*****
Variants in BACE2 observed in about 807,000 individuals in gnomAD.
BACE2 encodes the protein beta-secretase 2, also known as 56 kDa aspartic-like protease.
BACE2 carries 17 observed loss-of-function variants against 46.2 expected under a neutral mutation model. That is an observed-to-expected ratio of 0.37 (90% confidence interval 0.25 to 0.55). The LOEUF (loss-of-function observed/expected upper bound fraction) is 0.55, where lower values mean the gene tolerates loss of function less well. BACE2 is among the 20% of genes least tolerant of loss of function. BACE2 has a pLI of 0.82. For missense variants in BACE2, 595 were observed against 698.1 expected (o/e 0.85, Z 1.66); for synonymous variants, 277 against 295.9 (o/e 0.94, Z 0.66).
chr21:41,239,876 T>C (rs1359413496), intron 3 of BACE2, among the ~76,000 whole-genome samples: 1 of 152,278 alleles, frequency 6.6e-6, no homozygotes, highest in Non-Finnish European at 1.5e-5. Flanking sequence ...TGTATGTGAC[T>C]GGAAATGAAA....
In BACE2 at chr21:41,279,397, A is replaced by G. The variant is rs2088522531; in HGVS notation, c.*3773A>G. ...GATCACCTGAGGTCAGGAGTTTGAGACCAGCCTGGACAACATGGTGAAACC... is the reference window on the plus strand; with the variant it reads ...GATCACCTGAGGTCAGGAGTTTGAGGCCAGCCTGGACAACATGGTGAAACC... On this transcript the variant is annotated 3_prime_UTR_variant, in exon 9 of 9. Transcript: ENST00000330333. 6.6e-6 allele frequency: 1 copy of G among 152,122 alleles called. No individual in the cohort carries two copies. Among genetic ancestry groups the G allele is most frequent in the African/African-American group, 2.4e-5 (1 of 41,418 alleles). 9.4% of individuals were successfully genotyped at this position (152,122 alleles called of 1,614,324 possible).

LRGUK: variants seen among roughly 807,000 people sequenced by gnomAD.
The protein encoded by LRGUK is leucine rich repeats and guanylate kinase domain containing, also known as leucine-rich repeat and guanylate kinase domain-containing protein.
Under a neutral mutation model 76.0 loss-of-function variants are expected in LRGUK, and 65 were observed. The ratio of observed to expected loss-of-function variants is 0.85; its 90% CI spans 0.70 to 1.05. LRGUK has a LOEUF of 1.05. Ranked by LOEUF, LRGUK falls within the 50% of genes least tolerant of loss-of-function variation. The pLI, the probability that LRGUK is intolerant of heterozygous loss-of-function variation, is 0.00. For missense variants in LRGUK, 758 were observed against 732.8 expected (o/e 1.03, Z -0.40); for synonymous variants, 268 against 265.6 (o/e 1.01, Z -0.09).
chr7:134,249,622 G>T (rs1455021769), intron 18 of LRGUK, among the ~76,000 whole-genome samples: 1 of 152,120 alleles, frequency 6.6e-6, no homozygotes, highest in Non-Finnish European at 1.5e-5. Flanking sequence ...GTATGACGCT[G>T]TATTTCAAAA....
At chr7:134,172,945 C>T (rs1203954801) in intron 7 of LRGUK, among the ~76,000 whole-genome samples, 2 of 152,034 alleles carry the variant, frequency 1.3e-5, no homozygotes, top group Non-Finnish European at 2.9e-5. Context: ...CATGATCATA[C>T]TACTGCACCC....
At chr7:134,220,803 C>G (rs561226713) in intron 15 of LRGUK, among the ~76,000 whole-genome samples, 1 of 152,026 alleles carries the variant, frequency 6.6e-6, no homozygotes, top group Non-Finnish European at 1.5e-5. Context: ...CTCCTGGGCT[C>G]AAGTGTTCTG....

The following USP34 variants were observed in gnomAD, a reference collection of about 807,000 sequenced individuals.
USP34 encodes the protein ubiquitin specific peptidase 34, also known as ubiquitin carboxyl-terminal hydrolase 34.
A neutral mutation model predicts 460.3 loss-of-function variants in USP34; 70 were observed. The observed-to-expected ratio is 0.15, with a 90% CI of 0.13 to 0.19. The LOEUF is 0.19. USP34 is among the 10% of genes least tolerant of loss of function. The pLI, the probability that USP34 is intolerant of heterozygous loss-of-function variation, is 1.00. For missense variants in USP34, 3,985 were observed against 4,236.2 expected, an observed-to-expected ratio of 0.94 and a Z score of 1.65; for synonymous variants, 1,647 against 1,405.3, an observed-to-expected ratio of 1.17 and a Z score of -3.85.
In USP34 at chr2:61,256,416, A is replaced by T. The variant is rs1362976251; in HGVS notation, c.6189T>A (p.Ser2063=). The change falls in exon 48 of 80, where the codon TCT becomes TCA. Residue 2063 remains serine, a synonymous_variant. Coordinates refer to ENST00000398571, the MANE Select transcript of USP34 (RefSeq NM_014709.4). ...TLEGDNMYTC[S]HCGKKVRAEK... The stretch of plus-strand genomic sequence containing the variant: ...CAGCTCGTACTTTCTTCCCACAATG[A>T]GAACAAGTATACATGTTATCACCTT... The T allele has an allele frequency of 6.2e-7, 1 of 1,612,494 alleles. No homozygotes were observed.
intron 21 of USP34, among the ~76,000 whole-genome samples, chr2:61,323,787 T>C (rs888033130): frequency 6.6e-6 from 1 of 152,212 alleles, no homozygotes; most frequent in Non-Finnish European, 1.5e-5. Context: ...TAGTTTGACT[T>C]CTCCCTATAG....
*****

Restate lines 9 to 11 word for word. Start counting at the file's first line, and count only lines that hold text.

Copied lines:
chr7:134,249,622 G>T (rs1455021769), intron 18 of LRGUK, among the ~76,000 whole-genome samples: 1 of 152,120 alleles, frequency 6.6e-6, no homozygotes, highest in Non-Finnish European at 1.5e-5. Flanking sequence ...GTATGACGCT[G>T]TATTTCAAAA....
At chr7:134,172,945 C>T (rs1203954801) in intron 7 of LRGUK, among the ~76,000 whole-genome samples, 2 of 152,034 alleles carry the variant, frequency 1.3e-5, no homozygotes, top group Non-Finnish European at 2.9e-5. Context: ...CATGATCATA[C>T]TACTGCACCC....
At chr7:134,220,803 C>G (rs561226713) in intron 15 of LRGUK, among the ~76,000 whole-genome samples, 1 of 152,026 alleles carries the variant, frequency 6.6e-6, no homozygotes, top group Non-Finnish European at 1.5e-5. Context: ...CTCCTGGGCT[C>G]AAGTGTTCTG....